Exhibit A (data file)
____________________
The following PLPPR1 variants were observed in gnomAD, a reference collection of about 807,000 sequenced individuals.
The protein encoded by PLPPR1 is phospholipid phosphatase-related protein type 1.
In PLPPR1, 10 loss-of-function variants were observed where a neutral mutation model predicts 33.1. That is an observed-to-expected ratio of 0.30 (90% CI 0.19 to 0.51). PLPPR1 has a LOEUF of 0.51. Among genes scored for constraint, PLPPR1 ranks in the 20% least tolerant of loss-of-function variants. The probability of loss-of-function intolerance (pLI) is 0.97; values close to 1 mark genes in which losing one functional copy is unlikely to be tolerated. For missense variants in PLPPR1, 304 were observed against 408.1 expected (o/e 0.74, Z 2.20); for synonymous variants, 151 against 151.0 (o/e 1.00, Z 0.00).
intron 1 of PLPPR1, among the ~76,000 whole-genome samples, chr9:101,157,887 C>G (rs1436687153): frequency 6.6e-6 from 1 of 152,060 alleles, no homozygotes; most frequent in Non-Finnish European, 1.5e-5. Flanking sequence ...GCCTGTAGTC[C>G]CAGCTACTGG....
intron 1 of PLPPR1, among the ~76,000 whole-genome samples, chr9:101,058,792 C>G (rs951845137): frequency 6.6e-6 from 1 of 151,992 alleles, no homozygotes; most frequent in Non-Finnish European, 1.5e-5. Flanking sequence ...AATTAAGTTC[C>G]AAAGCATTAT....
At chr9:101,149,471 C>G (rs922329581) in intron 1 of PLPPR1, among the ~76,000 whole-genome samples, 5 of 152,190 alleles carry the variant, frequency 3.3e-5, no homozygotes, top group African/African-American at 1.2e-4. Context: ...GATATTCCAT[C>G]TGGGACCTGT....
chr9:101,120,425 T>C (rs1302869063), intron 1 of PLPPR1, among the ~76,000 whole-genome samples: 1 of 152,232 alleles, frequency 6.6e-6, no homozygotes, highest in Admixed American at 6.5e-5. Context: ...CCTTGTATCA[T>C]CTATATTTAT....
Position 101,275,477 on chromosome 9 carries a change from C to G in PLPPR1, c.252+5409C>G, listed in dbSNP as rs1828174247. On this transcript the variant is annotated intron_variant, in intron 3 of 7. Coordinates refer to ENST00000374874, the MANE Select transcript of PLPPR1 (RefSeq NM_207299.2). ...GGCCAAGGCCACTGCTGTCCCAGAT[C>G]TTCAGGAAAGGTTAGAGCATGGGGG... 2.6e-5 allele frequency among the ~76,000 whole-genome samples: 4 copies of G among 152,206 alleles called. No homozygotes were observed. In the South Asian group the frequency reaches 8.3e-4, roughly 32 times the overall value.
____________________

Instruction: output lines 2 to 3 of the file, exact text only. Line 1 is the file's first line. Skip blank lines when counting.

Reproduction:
The protein encoded by PLPPR1 is phospholipid phosphatase-related protein type 1.
In PLPPR1, 10 loss-of-function variants were observed where a neutral mutation model predicts 33.1. That is an observed-to-expected ratio of 0.30 (90% CI 0.19 to 0.51). PLPPR1 has a LOEUF of 0.51. Among genes scored for constraint, PLPPR1 ranks in the 20% least tolerant of loss-of-function variants. The probability of loss-of-function intolerance (pLI) is 0.97; values close to 1 mark genes in which losing one functional copy is unlikely to be tolerated. For missense variants in PLPPR1, 304 were observed against 408.1 expected (o/e 0.74, Z 2.20); for synonymous variants, 151 against 151.0 (o/e 1.00, Z 0.00).